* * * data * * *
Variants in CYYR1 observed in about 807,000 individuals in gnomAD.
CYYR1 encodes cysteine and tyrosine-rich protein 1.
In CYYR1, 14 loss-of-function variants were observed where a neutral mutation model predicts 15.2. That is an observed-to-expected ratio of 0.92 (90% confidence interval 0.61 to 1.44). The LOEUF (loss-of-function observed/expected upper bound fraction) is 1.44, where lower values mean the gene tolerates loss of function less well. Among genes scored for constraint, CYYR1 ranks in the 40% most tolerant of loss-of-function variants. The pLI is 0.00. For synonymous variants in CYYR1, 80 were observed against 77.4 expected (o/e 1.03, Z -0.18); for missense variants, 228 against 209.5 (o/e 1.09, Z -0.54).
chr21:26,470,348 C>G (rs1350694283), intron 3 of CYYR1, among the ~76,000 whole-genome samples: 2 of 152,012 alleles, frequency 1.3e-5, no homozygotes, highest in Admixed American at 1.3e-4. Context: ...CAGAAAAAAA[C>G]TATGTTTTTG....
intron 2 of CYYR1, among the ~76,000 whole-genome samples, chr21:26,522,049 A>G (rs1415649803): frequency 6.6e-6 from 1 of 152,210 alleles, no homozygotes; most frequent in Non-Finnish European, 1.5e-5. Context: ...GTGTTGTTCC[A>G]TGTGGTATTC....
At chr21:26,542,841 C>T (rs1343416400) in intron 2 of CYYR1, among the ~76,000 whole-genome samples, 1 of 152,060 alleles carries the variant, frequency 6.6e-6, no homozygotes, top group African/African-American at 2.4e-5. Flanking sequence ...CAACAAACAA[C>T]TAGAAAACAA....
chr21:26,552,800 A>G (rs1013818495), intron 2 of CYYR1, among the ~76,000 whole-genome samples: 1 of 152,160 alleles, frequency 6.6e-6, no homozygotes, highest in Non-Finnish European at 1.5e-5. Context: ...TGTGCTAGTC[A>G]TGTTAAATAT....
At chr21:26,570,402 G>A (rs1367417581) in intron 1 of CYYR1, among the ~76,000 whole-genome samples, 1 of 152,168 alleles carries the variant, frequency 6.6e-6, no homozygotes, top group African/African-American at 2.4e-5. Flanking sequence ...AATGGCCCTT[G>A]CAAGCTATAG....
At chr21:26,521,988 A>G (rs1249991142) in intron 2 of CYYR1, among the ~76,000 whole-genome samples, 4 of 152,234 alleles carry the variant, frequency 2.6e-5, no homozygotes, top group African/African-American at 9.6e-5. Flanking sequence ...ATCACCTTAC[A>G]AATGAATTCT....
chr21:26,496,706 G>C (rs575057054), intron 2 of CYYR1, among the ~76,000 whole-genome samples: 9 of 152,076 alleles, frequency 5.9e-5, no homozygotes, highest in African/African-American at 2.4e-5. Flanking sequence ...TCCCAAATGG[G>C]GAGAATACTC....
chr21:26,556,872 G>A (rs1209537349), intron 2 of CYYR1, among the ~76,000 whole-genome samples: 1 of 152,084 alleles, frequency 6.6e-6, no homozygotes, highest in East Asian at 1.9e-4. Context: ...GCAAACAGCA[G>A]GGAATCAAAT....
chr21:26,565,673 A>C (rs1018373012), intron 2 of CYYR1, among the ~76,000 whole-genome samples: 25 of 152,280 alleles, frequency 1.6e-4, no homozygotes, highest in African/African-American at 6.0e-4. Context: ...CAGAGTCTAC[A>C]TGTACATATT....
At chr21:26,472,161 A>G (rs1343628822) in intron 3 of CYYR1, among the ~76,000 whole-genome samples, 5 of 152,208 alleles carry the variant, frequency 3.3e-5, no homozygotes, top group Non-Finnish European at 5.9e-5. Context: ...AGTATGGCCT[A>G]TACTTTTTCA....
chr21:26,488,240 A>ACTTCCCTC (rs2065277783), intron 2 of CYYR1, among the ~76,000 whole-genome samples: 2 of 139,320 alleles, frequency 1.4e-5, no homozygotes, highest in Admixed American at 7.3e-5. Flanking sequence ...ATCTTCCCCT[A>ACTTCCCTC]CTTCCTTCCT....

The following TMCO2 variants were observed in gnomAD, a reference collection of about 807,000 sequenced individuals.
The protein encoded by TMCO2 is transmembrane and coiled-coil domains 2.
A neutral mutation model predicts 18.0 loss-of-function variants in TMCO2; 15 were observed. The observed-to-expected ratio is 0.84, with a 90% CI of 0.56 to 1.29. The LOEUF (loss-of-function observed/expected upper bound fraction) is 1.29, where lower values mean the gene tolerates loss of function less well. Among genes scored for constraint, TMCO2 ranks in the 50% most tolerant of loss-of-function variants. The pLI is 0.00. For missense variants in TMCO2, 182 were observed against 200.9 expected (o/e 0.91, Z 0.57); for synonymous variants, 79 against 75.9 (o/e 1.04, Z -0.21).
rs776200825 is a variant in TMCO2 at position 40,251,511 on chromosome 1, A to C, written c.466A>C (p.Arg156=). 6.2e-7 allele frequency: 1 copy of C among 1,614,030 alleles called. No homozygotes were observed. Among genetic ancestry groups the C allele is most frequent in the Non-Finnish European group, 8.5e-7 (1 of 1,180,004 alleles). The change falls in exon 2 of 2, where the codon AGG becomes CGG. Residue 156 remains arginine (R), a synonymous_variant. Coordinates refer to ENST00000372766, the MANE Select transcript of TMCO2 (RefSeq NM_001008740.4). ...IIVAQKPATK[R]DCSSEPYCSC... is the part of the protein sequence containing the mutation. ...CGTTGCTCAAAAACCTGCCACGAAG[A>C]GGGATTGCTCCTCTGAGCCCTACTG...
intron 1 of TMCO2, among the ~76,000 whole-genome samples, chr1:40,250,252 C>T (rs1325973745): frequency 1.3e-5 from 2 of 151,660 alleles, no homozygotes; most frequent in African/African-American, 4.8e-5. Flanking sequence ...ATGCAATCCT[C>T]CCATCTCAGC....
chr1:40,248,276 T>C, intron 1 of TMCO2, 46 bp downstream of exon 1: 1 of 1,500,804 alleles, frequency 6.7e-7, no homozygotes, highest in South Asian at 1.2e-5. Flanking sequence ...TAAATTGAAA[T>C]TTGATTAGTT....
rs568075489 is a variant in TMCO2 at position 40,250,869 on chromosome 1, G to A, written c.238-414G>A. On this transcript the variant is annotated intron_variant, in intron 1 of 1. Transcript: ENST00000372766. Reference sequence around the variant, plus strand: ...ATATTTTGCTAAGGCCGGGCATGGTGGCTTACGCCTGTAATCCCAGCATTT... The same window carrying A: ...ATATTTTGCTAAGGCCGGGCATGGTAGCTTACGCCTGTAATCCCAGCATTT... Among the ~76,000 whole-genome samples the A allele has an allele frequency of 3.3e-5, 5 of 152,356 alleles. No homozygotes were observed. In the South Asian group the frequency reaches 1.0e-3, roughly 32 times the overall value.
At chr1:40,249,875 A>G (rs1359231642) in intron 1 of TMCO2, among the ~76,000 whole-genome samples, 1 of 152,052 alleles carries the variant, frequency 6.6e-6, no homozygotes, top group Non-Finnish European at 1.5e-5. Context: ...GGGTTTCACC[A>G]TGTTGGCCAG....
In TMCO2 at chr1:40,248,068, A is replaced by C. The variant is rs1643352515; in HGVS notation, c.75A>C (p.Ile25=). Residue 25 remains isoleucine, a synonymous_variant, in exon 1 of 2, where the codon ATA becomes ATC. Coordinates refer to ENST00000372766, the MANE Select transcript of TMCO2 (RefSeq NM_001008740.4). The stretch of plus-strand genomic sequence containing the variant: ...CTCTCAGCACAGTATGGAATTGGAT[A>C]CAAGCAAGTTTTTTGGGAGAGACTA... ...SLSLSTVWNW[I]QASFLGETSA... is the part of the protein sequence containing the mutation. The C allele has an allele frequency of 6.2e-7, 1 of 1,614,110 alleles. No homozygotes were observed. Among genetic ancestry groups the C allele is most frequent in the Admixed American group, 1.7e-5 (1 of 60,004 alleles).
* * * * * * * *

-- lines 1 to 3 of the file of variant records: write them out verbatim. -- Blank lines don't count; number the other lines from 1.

Variants in CYYR1 observed in about 807,000 individuals in gnomAD.
CYYR1 encodes cysteine and tyrosine-rich protein 1.
In CYYR1, 14 loss-of-function variants were observed where a neutral mutation model predicts 15.2. That is an observed-to-expected ratio of 0.92 (90% confidence interval 0.61 to 1.44). The LOEUF (loss-of-function observed/expected upper bound fraction) is 1.44, where lower values mean the gene tolerates loss of function less well. Among genes scored for constraint, CYYR1 ranks in the 40% most tolerant of loss-of-function variants. The pLI is 0.00. For synonymous variants in CYYR1, 80 were observed against 77.4 expected (o/e 1.03, Z -0.18); for missense variants, 228 against 209.5 (o/e 1.09, Z -0.54).